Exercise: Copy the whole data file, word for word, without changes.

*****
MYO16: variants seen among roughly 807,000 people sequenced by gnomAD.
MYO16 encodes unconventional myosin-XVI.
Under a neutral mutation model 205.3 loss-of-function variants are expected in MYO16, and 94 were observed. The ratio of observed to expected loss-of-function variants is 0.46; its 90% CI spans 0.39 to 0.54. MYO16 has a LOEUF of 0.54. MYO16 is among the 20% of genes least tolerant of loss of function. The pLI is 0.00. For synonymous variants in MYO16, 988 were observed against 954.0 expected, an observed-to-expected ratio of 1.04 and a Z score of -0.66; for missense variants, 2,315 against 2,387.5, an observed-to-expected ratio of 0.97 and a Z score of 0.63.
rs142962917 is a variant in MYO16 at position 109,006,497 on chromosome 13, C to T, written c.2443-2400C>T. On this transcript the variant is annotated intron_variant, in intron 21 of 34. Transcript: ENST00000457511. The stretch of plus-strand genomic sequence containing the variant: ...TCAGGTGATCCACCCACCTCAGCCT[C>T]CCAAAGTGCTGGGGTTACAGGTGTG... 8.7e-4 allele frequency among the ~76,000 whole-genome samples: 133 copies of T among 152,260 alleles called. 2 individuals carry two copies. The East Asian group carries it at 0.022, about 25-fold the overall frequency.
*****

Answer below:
MYO16: variants seen among roughly 807,000 people sequenced by gnomAD.
MYO16 encodes unconventional myosin-XVI.
Under a neutral mutation model 205.3 loss-of-function variants are expected in MYO16, and 94 were observed. The ratio of observed to expected loss-of-function variants is 0.46; its 90% CI spans 0.39 to 0.54. MYO16 has a LOEUF of 0.54. MYO16 is among the 20% of genes least tolerant of loss of function. The pLI is 0.00. For synonymous variants in MYO16, 988 were observed against 954.0 expected, an observed-to-expected ratio of 1.04 and a Z score of -0.66; for missense variants, 2,315 against 2,387.5, an observed-to-expected ratio of 0.97 and a Z score of 0.63.
rs142962917 is a variant in MYO16 at position 109,006,497 on chromosome 13, C to T, written c.2443-2400C>T. On this transcript the variant is annotated intron_variant, in intron 21 of 34. Transcript: ENST00000457511. The stretch of plus-strand genomic sequence containing the variant: ...TCAGGTGATCCACCCACCTCAGCCT[C>T]CCAAAGTGCTGGGGTTACAGGTGTG... 8.7e-4 allele frequency among the ~76,000 whole-genome samples: 133 copies of T among 152,260 alleles called. 2 individuals carry two copies. The East Asian group carries it at 0.022, about 25-fold the overall frequency.